Had enough of the stats? What about the fact that Luck set the record for the most passing yards through a player's first two seasons ever with 8,196 yards. Only one quarterback in the past two seasons has rushed for more touchdowns than Andrew Luck (Cam Newton).
All things considered statistically, Luck is a solid quarterback. But a top-tier - dare I even say elite - quarterback? Heck no. But stats don't tell the whole story.
That whole story is this. When Andrew Luck entered the league, he was the first overall draft pick, meaning he was going to the league's worst team. Because of the quick turnaround, many national folks and fans have the tendency to think it was a talented team already - a similar situation to the Houston Texans in 2013. But in reality, many of the best players that 2011 Colts team had were cut following the season. Peyton Manning. Dallas Clark. Joseph Addai. Gary Brackett. Jeff Saturday left in free agency. The Colts had a couple of pieces in place in Reggie Wayne and Robert Mathis, but the franchise blew everything up. Longtime GM Bill Polian - fired. Head coach Jim Caldwell - fired. Some of the best players - cut. And the franchise was in salary cap hell. New GM Ryan Grigson had little cap room to work with, but because he nailed the draft and a few key signings, the Colts made a surprise playoff berth behind an incredibly quick maturation from their rookie quarterback. But there was a lot of issues that still needed addressing. The offensive line. The running game. The defense especially. The Colts weren't a good team yet - they were a below average team with a good quarterback and who suddenly got hot.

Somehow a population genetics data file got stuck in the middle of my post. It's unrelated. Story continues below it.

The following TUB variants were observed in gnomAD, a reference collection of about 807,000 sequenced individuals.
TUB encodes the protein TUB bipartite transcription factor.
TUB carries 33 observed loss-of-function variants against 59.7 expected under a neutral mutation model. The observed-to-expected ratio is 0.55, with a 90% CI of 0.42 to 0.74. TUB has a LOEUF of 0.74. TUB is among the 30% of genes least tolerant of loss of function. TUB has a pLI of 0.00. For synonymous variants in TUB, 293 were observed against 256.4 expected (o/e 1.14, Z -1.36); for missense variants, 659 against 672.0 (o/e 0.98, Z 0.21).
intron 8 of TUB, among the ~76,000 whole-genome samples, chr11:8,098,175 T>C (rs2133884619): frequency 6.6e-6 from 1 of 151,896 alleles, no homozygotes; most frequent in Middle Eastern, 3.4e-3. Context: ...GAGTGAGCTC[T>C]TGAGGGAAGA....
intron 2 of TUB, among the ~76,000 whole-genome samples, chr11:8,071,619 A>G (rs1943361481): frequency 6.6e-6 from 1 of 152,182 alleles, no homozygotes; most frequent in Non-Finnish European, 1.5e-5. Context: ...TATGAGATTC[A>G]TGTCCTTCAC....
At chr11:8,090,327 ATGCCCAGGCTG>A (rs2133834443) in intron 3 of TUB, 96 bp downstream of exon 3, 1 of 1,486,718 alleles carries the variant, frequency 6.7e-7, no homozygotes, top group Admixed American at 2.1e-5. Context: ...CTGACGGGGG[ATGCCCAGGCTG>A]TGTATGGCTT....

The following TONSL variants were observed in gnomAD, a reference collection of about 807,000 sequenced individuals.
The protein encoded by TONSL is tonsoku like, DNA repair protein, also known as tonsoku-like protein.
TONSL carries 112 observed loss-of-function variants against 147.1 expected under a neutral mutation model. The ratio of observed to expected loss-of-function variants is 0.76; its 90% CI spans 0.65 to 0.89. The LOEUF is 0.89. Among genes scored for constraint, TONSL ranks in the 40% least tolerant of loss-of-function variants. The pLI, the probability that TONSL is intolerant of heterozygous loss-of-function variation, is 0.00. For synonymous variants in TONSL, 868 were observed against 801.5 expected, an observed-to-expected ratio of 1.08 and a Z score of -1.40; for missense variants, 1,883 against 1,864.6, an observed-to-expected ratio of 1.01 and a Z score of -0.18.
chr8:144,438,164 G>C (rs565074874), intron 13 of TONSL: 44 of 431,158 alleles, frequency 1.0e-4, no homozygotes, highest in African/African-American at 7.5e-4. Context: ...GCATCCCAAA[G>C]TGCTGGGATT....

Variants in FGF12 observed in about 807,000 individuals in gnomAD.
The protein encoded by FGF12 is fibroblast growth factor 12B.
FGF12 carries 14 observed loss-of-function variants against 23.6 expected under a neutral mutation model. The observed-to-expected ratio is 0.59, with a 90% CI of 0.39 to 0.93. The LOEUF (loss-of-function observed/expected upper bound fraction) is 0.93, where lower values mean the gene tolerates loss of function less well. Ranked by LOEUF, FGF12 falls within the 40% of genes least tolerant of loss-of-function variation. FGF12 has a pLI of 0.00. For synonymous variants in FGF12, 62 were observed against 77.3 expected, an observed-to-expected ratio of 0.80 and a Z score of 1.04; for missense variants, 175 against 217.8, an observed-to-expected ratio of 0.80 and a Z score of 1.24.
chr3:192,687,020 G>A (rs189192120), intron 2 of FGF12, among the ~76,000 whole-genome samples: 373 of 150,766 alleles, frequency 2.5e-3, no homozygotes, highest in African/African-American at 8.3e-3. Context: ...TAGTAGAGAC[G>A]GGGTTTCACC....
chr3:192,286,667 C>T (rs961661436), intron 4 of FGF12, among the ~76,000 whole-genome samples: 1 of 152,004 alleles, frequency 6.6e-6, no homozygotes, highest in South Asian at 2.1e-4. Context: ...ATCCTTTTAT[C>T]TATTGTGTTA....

So they entered 2013 hopefully much improved. But as it turns out, things aren't always as they seem. Several of Grigson's free agent signings and draft picks had minimal impact on the team, and the offense was completely decimated by injuries. The starting tight end, Dwayne Allen, went down in week one. The starting running back, Vick Ballard, went down after week one. The starting left guard, Donald Thomas, went down in week two. The new starting running back, Ahmad Bradshaw, went down in week three. The starting wide receiver, Reggie Wayne, went down in week seven. You can say that teams need to be prepared for injuries, but nobody could have been prepared for the onslaught of injuries to key players the 2013 Colts suffered. And yet they continued to win. They beat the 49ers on the road. They beat the Seahawks and Broncos at home. They beat the Chiefs twice, once on the road and then once at home in the playoffs. The Colts were helped greatly by a weak division, but that was a minor detail to their 2013 success compared to Andrew Luck. Throwing to a receiving core that included an often double-covered T.Y. Hilton and Coby Fleener as the only reliable targets (with Da'Rick Rogers, LaVon Brazill, and Griff Whalen all getting time), Luck's offense continued to produce and the Colts continued to win.